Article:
Berge v. Commissioner of Pub. Safety, 374 N.W.2d 730, 732 (Minn. 1985) (quoting United States v. Cortez, 449 U.S. 411, 417-18, 101 S. Ct. 690, 694-95 (1981)). Police officers may base their suspicion of criminal activity on the totality of the circumstances and may draw "inferences and deductions that might well elude an untrained person." Id.

Marshall argues that (1) Officer Gjerde failed to articulate a particular and objective basis for believing that the scream came from Marshall's Jeep, and (2) it was unreasonable for the officer to continue to detain Marshall after learning that none of the Jeep's occupants needed help.

I. Initial stop

To support an investigatory stop, an officer need only show a reasonable and articulable suspicion of criminal activity. Berge, 374 N.W.2d at 732. The support necessary to justify an officer's suspicion is minimal. See, e.g., id. at 733 (finding stop valid where violation reasonably inferred from what officer perceived, even though officer did not see violation); State v. Johnson, 444 N.W.2d 824, 827 (Minn. 1989) (finding stop valid where driver made eye contact with trooper and made sudden turn off highway, causing trooper to suspect deliberate evasion). Officer Gjerde testified that she heard a scream, thought someone needed help, thought the scream came from the area where the Jeep was located, and saw movement in the Jeep. There were sufficiently particularized and objective bases to support Officer Gjerde's stop of Marshall.

II. Length of detention

From the various accounts of witnesses at the hearing, Officer Gjerde's investigatory detention of Marshall lasted from two to seven minutes. Courts have not imposed a rigid time limit on the permissible duration of a detention that follows a lawful stop. State v. Blacksten, 507 N.W.2d 842, 846 (Minn. 1993). The general rule is that an investigatory detention "may not continue indefinitely but only as long as reasonably necessary to effectuate the purpose of the stop." Id. Where an officer makes a stop but then determines that no crime has occurred, there is no further basis for detention. State v. Hickman, 491 N.W.2d 673, 675 (Minn. App. 1992), review denied (Minn. Dec. 15, 1992). But the supreme court has held that an investigatory detention of one hour was not too long where three suspects were stopped at night near the scene of a burglary and the officer's reasonable suspicion of their involvement in the crime had not yet been dispelled. State v. Moffatt, 450 N.W.2d 116, 119 (Minn. 1990).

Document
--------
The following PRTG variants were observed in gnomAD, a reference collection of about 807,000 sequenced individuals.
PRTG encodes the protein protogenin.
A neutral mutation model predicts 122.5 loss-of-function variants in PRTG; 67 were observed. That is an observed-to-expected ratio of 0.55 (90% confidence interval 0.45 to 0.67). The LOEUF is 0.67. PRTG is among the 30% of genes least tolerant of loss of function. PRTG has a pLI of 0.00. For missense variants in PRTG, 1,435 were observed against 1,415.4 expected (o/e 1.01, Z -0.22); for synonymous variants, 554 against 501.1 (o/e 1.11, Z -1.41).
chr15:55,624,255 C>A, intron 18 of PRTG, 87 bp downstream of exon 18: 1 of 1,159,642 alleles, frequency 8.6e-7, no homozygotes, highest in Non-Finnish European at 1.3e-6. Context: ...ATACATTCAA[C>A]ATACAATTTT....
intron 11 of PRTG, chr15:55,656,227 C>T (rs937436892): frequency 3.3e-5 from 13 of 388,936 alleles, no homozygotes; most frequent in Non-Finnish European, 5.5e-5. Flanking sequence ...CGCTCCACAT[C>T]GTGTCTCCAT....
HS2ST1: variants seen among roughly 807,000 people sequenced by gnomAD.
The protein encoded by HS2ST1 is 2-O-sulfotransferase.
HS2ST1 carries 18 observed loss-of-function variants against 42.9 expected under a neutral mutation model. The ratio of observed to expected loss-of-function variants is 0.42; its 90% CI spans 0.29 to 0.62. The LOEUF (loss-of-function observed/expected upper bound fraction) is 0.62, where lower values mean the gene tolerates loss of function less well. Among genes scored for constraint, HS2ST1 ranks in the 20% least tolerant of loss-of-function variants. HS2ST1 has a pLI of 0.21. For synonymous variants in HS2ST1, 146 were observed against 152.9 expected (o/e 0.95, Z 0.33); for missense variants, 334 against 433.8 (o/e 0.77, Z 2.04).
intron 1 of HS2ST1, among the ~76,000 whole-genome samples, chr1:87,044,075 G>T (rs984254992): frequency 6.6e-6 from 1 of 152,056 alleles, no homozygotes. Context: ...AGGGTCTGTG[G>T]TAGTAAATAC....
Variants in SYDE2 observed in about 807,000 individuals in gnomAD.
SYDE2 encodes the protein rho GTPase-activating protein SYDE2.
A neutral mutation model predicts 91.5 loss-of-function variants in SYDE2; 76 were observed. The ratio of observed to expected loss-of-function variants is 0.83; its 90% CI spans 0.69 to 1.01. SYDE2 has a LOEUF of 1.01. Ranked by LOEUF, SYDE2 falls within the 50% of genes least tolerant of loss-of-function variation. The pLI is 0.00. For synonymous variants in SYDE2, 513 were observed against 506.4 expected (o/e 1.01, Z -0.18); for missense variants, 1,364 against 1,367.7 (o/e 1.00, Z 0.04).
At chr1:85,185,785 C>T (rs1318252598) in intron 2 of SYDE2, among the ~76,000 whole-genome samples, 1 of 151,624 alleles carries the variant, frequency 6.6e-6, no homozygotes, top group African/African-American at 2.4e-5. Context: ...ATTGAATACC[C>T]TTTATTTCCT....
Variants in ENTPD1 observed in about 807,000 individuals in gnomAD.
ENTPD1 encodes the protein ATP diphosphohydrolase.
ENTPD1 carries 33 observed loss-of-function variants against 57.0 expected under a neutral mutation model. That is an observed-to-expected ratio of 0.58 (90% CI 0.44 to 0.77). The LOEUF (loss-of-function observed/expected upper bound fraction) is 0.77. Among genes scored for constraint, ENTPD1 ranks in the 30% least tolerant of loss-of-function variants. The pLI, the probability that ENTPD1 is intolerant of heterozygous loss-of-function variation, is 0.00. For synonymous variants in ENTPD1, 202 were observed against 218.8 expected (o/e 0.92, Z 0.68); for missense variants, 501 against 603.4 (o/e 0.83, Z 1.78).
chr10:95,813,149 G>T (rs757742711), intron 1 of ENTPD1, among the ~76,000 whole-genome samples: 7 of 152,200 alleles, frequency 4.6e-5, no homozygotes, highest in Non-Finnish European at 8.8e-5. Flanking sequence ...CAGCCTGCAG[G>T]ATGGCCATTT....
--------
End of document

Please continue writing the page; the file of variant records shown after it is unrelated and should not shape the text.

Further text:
Marshall argues that once the officer was told that Marshall and her passengers were just singing and did not need help, the purpose for the stop ended and any subsequent conversation was only "to satisfy her idle curiosities." See Sanger, 420 N.W.2d at 242 (finding stop unlawful when officer just wanted "to see what was going on"). But Officer Gjerde testified she could not immediately determine that the occupants were all safe and the conversation she had with the occupants helped her to dispel the notion that someone was in trouble.

We note that the district court's finding that the officer smelled an alcoholic beverage "virtually simultaneously with her conversation" about the scream goes beyond the facts in the record. But the court did not rely solely on that fact in making its decision, and the record supports its finding that Officer Gjerde's ensuing conversation with Marshall and her passengers was a reasonable follow-up to the initial question about screaming. The length of the detention was not longer than necessary to effectuate the purpose of the stop, which was to determine whether someone needed help.

The district court did not err in determining that the stop and investigatory detention of Marshall were reasonable.